The research missing from the LA charter debate? 3 key studies show gains for students
In Los Angeles, a leaked draft of a plan to dramatically expand charter school access in America’s second-largest school district has become a lightning rod development for advocates of traditional public schools. The war of words intensified last week at the Huffington Post when American Federation of Teachers President Randi Weingarten attacked LA charter expansion as “part of a coordinated national...
By Matt Barnum | April 21, 2016
5 key lessons from the successes (and failures) of President Obama’s teacher evaluation reforms
The passage of the Every Student Succeeds Act and the waning of the Obama administration bring to a close federal efforts to improve teacher evaluation — a practice once widely derided for its infrequent and pro forma observations, inflated ratings and lack of consequences. Today most states combine different measures, including classroom observations and student test data,...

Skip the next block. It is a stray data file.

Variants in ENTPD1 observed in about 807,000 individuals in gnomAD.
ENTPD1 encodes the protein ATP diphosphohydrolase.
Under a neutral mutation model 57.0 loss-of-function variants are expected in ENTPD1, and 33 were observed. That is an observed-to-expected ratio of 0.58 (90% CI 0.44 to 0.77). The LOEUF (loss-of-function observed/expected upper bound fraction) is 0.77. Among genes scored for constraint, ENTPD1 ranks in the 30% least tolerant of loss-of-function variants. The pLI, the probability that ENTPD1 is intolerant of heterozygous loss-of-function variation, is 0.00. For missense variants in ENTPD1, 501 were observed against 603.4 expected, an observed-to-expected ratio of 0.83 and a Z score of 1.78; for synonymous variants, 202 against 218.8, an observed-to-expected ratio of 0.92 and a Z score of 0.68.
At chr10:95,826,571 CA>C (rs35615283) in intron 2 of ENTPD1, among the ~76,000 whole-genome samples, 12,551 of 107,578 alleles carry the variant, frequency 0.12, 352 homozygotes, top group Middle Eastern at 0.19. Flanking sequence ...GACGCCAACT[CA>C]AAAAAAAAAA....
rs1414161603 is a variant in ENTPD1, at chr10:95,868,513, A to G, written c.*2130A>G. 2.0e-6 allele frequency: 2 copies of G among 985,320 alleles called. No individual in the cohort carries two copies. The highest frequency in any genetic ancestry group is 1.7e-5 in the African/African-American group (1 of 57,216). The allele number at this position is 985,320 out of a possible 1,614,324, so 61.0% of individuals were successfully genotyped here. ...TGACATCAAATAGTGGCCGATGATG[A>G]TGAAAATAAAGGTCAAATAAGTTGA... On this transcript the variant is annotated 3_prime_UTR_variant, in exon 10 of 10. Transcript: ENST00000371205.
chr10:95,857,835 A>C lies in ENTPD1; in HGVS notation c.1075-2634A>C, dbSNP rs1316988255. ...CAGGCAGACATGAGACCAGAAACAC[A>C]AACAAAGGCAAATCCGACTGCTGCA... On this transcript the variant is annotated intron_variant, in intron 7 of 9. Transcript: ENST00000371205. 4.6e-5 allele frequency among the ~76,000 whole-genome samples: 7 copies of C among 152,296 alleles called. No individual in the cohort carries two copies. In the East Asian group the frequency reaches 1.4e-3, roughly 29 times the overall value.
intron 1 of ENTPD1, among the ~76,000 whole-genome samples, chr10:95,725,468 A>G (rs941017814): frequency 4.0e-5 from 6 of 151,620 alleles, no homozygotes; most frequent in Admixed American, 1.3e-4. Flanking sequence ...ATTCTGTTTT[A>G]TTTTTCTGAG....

By Matt Barnum | April 4, 2016
Data show 3 of the 5 biggest school districts hire more security officers than counselors
School security officers outnumber counselors in four out of the 10 largest public school districts in the country — including three of the top five — according to data obtained by The 74. New York City, Chicago, Miami-Dade County and Houston schools all employ more security staff than counselors. New York City, Chicago and Miami-Dade...
By Matt Barnum | March 30, 2016
Report: California is 15th friendliest state for charter schools
As educators from around the state head to Long Beach next week for the 23rd annual California Charter Schools Conference, California is holding steady in its friendliness to charter schools, says a January report from the National Alliance for Public Charter Schools (NAPCS), a pro-charter advocacy group that releases an annual study of state-level policies. The survey...
By Matt Barnum | March 11, 2016
Study finds change in California testing policy helped English learners in Los Angeles
Removing services for high school students learning English may have harmful effects on test scores and graduation rates if done too quickly, according to a study conducted in Los Angeles. The research, published in October in the Journal of Policy Analysis and Management, provides a cautionary note to policymakers hoping to swiftly move students to...
By Matt Barnum | February 18, 2016